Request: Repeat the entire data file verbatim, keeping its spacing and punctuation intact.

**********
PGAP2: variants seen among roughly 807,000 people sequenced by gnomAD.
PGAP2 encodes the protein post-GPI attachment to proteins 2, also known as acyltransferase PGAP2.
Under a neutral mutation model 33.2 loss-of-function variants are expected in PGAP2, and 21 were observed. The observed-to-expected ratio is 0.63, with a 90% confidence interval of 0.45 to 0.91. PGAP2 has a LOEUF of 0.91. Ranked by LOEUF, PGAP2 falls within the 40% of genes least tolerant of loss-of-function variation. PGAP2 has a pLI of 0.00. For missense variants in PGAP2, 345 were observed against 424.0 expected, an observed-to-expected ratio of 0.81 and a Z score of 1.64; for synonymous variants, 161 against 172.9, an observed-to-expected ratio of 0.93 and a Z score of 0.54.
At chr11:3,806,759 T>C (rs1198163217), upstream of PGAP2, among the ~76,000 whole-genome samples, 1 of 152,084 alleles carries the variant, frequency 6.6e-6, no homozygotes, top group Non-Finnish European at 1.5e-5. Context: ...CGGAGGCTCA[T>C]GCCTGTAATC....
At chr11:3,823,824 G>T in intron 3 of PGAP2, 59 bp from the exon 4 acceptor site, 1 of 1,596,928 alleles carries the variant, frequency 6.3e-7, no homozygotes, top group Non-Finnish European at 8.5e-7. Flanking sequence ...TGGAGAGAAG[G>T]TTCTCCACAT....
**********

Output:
PGAP2: variants seen among roughly 807,000 people sequenced by gnomAD.
PGAP2 encodes the protein post-GPI attachment to proteins 2, also known as acyltransferase PGAP2.
Under a neutral mutation model 33.2 loss-of-function variants are expected in PGAP2, and 21 were observed. The observed-to-expected ratio is 0.63, with a 90% confidence interval of 0.45 to 0.91. PGAP2 has a LOEUF of 0.91. Ranked by LOEUF, PGAP2 falls within the 40% of genes least tolerant of loss-of-function variation. PGAP2 has a pLI of 0.00. For missense variants in PGAP2, 345 were observed against 424.0 expected, an observed-to-expected ratio of 0.81 and a Z score of 1.64; for synonymous variants, 161 against 172.9, an observed-to-expected ratio of 0.93 and a Z score of 0.54.
At chr11:3,806,759 T>C (rs1198163217), upstream of PGAP2, among the ~76,000 whole-genome samples, 1 of 152,084 alleles carries the variant, frequency 6.6e-6, no homozygotes, top group Non-Finnish European at 1.5e-5. Context: ...CGGAGGCTCA[T>C]GCCTGTAATC....
At chr11:3,823,824 G>T in intron 3 of PGAP2, 59 bp from the exon 4 acceptor site, 1 of 1,596,928 alleles carries the variant, frequency 6.3e-7, no homozygotes, top group Non-Finnish European at 8.5e-7. Flanking sequence ...TGGAGAGAAG[G>T]TTCTCCACAT....